He explained that if he doorstepped some high profile person who was having an affair or something like that, and asked them about it, if they replied: "What business is it of yours?" he could not think of a good answer.
He could have come up with some guff about if they put themselves in the public eye then the public has a right to know all about their private life, but I've never found that convincing myself – and I'm a journalist.
For the last week or so the entire nation has been reeling from the seismic shocks caused by the Phillip Schofield scandal, although it's not really clear what the scandal is.
I have heard of Phillip Schofield. He presents The Cube. I also remember that his hair went grey when he was a young presenter on children's television and so he dyed it, which caused headlines back then.
He's hitherto had an image as a nice guy, which he traded on in those telly adverts.
So what has caused his fall from grace?
Now there could be something in the background that those in the know, know, and we who are not in the know, don't know, and those in the know for some reason are not putting us in the know and only know between themselves.
But after examining the evidence of what we do know it appears his crime is to have lied to the Daily Mail and Holly Willoughby.
In general terms I am on not in favour of lying, but there are certain situations in which lying and hypocrisy are the only way. At a very basic level, motivated by politeness, you should of course say you loved the tartan tie your granny knitted you for Christmas, even if you have no intention of wearing the ghastly thing.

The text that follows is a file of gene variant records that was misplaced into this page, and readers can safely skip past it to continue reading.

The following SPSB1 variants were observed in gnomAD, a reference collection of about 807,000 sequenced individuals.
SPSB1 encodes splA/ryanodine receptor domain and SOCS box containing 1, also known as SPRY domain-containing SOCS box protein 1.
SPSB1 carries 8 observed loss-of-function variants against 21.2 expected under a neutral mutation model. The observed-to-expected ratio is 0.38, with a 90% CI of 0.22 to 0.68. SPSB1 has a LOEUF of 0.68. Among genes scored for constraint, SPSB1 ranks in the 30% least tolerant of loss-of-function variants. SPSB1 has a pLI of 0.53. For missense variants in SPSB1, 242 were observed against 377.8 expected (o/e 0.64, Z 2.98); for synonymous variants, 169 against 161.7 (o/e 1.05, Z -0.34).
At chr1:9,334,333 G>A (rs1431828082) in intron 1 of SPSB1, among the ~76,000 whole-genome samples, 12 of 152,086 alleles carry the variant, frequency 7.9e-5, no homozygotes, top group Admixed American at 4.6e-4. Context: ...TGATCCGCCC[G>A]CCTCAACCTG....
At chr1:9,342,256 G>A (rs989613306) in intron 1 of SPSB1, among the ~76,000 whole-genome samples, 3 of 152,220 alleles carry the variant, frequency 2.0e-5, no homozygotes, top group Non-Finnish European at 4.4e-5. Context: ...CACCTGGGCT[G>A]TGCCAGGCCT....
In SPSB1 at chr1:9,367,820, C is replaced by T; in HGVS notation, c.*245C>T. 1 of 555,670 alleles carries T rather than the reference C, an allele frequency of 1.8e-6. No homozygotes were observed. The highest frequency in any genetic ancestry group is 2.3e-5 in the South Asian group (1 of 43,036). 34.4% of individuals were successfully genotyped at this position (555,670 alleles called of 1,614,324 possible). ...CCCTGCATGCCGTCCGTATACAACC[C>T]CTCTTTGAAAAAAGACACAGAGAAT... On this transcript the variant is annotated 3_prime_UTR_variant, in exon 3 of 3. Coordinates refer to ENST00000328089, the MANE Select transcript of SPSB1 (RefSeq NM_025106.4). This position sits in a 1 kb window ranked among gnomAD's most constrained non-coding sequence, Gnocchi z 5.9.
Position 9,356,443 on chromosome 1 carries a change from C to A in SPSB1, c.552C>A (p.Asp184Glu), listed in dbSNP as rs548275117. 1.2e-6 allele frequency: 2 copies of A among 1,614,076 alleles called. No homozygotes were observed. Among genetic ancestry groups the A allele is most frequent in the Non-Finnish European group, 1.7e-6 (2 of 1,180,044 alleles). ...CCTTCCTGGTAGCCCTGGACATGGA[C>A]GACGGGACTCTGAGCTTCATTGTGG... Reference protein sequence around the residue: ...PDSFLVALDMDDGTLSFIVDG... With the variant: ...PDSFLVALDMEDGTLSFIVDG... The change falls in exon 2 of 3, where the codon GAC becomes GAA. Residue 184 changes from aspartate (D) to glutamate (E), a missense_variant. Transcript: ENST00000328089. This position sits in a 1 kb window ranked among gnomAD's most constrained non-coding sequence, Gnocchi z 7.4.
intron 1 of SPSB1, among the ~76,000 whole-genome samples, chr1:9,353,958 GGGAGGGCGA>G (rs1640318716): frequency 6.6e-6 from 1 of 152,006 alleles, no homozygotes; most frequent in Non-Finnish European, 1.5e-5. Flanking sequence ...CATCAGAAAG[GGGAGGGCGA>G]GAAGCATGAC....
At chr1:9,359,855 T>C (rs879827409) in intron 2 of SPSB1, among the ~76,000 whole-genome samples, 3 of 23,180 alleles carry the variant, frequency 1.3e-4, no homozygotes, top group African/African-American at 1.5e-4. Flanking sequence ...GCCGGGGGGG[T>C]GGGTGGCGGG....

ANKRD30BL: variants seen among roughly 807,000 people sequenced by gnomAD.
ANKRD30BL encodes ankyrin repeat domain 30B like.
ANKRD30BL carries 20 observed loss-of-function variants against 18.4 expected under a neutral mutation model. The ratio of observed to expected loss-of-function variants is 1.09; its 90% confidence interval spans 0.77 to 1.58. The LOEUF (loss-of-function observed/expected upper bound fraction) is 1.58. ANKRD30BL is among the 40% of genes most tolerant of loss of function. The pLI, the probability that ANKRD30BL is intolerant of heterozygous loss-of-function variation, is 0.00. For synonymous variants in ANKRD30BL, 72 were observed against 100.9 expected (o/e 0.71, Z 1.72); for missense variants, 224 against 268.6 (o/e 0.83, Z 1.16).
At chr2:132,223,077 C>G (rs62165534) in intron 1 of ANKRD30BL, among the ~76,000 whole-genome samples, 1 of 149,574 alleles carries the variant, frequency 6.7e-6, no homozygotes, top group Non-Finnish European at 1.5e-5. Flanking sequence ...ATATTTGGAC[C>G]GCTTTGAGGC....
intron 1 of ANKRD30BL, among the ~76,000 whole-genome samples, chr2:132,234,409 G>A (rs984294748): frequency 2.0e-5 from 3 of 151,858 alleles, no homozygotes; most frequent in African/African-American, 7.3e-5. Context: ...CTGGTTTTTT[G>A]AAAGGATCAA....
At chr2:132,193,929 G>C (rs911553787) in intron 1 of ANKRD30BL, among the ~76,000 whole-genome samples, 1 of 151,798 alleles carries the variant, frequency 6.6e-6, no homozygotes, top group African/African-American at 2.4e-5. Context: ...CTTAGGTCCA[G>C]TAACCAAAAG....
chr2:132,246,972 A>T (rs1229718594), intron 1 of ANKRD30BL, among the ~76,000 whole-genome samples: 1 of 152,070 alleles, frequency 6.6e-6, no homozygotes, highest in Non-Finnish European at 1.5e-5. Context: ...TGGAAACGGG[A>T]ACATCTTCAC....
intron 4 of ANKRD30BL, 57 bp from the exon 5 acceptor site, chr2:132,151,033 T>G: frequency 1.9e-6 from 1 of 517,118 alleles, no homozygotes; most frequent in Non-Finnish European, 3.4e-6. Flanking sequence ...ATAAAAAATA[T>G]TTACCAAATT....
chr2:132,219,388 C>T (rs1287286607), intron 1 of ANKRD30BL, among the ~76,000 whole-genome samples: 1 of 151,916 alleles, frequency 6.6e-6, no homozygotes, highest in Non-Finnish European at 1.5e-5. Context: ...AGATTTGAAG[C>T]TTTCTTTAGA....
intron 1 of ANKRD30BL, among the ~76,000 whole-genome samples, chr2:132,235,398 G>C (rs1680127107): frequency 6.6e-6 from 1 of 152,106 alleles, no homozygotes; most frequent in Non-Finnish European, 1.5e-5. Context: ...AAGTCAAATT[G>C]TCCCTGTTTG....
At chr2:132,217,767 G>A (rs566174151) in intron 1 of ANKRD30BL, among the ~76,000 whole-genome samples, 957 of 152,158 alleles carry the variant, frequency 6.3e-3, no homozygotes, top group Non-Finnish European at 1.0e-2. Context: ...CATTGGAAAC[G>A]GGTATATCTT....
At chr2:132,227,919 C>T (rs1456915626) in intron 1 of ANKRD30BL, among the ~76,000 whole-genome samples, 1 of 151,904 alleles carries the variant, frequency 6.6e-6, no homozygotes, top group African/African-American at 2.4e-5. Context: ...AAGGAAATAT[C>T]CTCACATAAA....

When it comes to hypocrisy, that is a privilege gained through personal experience, the hallmark of acquired wisdom and greater maturity than those to whom you preach hypocritically.
So if you tell your teenage children not to smoke even when you smoked like a chimney as a teenager yourself, you are really doling out a piece of your knowledge and experience which in their ignorance they have not yet acquired for themselves.
You can call it hypocrisy, but really you are acting as a selfless educator.
Anyway, back to Mr Schofield, and time to put yourself in his shoes.
I'm not sure how it happened, but it may have happened something like this.
There he is sitting on the daytime couch, checking his lines on the autocue in the few spare minutes while a pre-recorded piece is being broadcast, when Holly leans across and, looking directly into his eyes, asks: "Phillip, are you having an affair with a younger man, part our team?"
There are a number of possible responses to that. For any normal person, the obvious and natural reply is: "Why don't you **** off and mind your own business."
It is the reply that Barry Norman found so difficult.
However, having a Mr Nice Guy image does have its disadvantages, and I can understand why Mr Schofield may have been reluctant.
Possibility two is this response: "Yes, Holly, it's true, I am so sorry, I should have told you before. I am so ashamed. We could do a piece about it after the weather. If there's no time for it today I'll do an interview with the Daily Mail instead."
And then lastly, there is the reply which he apparently gave: "No Holly, it is not true, and where could you ever have got such an idea?"
All fall down in shock. Mr Nice Guy lied to Holly. There again, if somebody asks you an intrusive and impertinent question about something which is none of their business, or anybody else's, is it not justifiable to lie without any guilty conscience, taking a leaf out of Colonel Nathan Jessup's book: "You can't handle the truth!" (If I've lost you on that, look it up on IMDb).
Mind you, look what happened to him.